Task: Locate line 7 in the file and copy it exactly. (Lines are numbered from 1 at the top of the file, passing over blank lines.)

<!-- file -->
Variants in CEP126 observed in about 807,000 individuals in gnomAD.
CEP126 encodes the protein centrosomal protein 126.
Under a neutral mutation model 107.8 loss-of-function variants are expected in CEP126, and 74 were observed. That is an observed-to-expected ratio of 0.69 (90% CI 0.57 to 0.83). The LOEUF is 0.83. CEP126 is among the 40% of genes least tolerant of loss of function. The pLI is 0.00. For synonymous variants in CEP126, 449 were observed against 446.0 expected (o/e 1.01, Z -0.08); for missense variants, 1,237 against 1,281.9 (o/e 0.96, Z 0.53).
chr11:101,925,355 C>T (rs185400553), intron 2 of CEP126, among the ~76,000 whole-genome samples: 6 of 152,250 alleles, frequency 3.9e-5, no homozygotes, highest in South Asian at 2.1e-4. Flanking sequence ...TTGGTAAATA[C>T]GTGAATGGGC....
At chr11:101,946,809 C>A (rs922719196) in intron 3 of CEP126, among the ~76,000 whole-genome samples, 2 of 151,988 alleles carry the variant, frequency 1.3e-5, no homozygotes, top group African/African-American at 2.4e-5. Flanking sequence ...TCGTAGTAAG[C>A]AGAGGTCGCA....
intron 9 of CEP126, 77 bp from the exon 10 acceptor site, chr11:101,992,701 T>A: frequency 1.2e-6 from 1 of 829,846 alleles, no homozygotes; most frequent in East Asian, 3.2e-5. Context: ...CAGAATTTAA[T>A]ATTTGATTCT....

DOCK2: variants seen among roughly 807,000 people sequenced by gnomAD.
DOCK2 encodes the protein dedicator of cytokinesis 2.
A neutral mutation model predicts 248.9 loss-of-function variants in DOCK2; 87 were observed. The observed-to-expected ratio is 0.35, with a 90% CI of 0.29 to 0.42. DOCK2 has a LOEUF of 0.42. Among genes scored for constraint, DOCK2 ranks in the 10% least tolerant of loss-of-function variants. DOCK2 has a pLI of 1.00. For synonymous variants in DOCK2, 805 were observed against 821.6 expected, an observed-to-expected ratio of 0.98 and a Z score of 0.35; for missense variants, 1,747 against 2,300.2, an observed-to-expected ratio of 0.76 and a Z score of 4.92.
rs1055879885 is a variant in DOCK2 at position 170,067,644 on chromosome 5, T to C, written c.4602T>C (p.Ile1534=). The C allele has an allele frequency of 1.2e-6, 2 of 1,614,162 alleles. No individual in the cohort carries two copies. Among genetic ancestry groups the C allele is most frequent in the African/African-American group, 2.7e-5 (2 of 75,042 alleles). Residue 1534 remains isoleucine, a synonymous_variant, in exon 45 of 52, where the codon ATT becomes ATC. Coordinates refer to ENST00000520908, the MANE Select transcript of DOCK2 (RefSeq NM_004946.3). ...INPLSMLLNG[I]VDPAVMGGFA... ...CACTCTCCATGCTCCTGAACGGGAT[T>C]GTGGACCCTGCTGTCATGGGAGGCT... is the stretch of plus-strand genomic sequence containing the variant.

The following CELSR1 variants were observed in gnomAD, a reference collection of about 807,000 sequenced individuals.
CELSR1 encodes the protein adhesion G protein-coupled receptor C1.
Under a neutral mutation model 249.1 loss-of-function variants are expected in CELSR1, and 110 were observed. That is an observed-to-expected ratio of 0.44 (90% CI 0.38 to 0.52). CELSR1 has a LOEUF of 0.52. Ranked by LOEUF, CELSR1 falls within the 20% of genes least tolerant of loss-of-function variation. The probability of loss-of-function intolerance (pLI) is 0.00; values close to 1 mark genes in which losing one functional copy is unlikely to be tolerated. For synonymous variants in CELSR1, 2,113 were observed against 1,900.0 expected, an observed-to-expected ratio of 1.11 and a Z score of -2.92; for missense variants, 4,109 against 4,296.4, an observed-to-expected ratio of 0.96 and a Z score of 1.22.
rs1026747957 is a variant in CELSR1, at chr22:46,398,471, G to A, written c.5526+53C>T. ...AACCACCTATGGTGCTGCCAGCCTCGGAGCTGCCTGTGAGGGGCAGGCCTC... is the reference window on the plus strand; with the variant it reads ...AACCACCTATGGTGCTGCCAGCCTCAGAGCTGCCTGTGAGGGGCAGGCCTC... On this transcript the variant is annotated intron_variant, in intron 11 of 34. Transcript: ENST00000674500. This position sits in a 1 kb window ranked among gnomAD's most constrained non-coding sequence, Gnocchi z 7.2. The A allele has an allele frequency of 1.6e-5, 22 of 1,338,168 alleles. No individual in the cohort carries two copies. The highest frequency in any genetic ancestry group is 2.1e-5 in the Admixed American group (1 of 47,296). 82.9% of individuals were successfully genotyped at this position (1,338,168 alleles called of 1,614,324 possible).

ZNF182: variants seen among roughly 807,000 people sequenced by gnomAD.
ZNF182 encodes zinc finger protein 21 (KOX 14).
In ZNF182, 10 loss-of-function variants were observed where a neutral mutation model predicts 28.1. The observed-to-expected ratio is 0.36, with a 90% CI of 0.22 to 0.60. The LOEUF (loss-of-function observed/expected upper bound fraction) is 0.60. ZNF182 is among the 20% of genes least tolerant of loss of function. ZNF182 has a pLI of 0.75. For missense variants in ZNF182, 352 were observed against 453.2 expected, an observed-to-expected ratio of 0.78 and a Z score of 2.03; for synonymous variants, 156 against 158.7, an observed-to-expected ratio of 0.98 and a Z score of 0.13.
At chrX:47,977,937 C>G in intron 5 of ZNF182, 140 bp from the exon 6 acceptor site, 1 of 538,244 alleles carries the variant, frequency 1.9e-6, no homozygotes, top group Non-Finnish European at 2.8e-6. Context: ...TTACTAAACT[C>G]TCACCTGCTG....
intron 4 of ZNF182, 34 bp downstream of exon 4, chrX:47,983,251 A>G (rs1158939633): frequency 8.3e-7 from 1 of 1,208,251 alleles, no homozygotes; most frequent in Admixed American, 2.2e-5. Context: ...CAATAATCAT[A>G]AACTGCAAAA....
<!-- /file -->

DOCK2: variants seen among roughly 807,000 people sequenced by gnomAD.